Listening Comprehension - Comprensión Auditiva
Cómo realizar este ejercicio de comprensión auditiva
- Siempre encontrarás una pequeña introducción, que puede ayudarte a comprender el tema tratado.
- Antes de mirar el video, lee las preguntas y las opciones presentadas, para saber exactamente lo que debes averiguar y así escuchar con más atención esa información.
- Quizás puedes deducir las respuestas sin necesidad de mirar el video. Sin embargo, debes confirmar con el video cuál es la opción correcta.
- Puedes mirar el video cuantas veces sea necesario. Pero es recomendable hacerlo solamente dos veces (o tres veces como máximo) ya que esa es la forma en que normalmente se realizan estos ejercicios en exámenes y pruebas internacionales.
- Comprueba tus aciertos pulsando el botón "Corregir". Si no has podido completar todas las palabras, pulsa el botón "Solución" para ver cuáles eran las que te faltaban.
- Una vez terminado el ejercicio, puedes pulsar "Ver texto" para leer el texto completo y comprobar las respuestas.
Roof Top Gardening is a Growing Trend in New York City
Topic: New York is a city notoriously short on space, but also one whose residents are big on innovation. In the Big Apple, the latest trend is rooftop farming. Individuals and restaurants are beginning to grow some of their own food in the only space available to them - their roofs. While the practice is currently an environmental rather than a financial trend, some companies hope it can become a money-making business model, providing a cheaper alternative to store-bought produce, especially in low income neighborhoods where fresh vegetables are expensive and scarce. Source: VOA
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Amber Kusmenko and her boyfriend Louis Kofsky love New York, but they also love farming. Thanks to the new trend called "rooftop farming," they can experience both. What started as an interest in sustainability has become a rooftop oasis, complete with tomatoes, cucumbers, carrots and herbs.
After reading books and talking to other growers, the couple learned how to make soil, grow plants, capture rainwater, and trap urban heat.
"Instead of saying, 'oh one day saying we're gonna buy a farm', we said, 'let's start now', and lets start growing and let's start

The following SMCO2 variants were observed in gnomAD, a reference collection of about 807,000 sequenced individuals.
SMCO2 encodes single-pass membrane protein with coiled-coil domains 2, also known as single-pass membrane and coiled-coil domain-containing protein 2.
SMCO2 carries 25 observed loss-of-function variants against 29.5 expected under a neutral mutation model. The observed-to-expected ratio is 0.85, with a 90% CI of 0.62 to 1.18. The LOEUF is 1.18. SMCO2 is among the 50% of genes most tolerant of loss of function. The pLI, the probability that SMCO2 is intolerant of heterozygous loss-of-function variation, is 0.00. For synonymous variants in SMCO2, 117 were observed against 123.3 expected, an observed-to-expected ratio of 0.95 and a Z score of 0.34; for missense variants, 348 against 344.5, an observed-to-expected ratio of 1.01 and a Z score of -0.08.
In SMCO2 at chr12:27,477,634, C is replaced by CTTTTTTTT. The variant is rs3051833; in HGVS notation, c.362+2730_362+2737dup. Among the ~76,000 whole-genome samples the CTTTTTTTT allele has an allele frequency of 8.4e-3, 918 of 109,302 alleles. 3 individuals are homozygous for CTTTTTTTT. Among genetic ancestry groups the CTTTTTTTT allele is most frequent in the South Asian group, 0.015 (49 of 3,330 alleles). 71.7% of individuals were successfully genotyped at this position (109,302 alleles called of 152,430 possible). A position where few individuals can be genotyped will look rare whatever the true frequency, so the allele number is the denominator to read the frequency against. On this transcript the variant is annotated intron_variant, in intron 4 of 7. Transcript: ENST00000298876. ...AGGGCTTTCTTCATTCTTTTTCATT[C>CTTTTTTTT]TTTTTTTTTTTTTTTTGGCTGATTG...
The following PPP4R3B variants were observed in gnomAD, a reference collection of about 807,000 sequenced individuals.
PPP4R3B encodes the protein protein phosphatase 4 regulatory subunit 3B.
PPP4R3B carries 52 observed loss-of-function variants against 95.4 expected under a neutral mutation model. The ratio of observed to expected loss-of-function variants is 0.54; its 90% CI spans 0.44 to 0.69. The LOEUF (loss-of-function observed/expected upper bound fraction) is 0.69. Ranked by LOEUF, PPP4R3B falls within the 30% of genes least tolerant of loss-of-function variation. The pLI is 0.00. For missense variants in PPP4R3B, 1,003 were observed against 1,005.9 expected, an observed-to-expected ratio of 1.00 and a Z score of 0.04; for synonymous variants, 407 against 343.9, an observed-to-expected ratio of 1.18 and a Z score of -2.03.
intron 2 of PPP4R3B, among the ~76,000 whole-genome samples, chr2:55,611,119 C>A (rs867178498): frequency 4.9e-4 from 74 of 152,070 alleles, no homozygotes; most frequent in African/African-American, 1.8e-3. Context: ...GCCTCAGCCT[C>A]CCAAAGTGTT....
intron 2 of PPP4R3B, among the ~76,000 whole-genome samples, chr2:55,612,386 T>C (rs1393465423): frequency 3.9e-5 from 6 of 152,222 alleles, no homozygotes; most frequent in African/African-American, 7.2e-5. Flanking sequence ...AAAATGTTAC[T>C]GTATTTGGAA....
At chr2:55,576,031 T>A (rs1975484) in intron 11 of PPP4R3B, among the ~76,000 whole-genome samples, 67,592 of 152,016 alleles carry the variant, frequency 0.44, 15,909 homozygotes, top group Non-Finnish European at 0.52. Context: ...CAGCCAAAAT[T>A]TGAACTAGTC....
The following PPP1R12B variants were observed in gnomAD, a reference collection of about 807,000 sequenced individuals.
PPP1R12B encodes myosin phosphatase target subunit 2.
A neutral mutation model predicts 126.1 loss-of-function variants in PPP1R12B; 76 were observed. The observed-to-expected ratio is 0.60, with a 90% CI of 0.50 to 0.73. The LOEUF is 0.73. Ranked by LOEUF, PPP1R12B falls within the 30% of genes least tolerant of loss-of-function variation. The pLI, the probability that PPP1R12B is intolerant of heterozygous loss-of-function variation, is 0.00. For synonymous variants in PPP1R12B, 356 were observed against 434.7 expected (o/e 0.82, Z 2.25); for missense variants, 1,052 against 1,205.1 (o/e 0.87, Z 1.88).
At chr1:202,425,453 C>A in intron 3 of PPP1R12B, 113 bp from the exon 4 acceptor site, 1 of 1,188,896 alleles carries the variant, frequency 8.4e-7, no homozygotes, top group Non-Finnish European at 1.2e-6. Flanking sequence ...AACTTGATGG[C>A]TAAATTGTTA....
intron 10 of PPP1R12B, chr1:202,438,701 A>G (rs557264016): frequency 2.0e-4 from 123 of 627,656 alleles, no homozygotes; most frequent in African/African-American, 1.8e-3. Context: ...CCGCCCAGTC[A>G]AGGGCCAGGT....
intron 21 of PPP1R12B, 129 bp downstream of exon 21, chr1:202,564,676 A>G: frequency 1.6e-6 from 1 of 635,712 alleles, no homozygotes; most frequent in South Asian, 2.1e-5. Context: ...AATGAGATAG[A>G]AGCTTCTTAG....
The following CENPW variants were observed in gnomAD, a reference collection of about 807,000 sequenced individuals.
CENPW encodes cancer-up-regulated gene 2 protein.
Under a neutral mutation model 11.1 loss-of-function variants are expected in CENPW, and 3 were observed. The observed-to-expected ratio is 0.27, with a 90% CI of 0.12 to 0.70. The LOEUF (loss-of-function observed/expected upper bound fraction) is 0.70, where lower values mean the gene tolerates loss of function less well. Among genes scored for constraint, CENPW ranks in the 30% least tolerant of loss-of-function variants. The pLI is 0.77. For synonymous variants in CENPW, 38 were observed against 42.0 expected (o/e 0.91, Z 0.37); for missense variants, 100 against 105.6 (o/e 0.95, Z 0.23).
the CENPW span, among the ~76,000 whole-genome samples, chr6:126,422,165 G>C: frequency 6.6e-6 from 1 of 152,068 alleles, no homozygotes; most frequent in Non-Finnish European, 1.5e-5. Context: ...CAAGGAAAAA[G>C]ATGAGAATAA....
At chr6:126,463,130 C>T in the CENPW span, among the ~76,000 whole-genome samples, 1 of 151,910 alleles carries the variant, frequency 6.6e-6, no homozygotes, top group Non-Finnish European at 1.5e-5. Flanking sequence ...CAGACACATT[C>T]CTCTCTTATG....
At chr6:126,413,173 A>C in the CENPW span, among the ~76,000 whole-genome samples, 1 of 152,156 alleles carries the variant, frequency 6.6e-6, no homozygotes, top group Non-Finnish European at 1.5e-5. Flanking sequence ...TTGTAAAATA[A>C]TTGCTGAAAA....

learning, so that we have these skills, and that we've made mistakes up here when we still have
the supermarket down the street."
"Also, with so many people on the planet, people have to live in cities. We can't all
go out and have 100 acres. I think there are ways that cities can be green and sustainable and grow a lot of their own food."
Roberta's Pizzeria is a thriving example. In an effort to beautify their unattractive parking lot, the restaurant bought two old railway cars and planted a variety of vegetables on top of them, turning the lot into a garden and seating area.
Gwen Schantz is the garden manager. "We supplement the menu in there with
some food from our garden, and people love it when we say 'this salad came from out back and this basil was grown
While Schantz's operation does not provide enough food for the restaurant, she says they
plan to purchase a bigger rooftop space that will.
A company called BriteFarm Systems is banking on that. It provides rooftop farms to schools, non-profits, and corporations.
Director Benjamin Lindley says, once they are built, rooftop farms can provide cheaper produce. Currently, many fruits and vegetables come from thousands of kilometers away.
"That transportation distance is a problem. It's a problem for the environment, it's a problem for the farmer,
and it's a problem for the consumer because your vegetable is still perishable, and often, by the time the vegetable reaches us here in New York, it's heading towards the end of its shelf life."
The company is working on at least four rooftop farms throughout the city, which it says will be up and running early next year.
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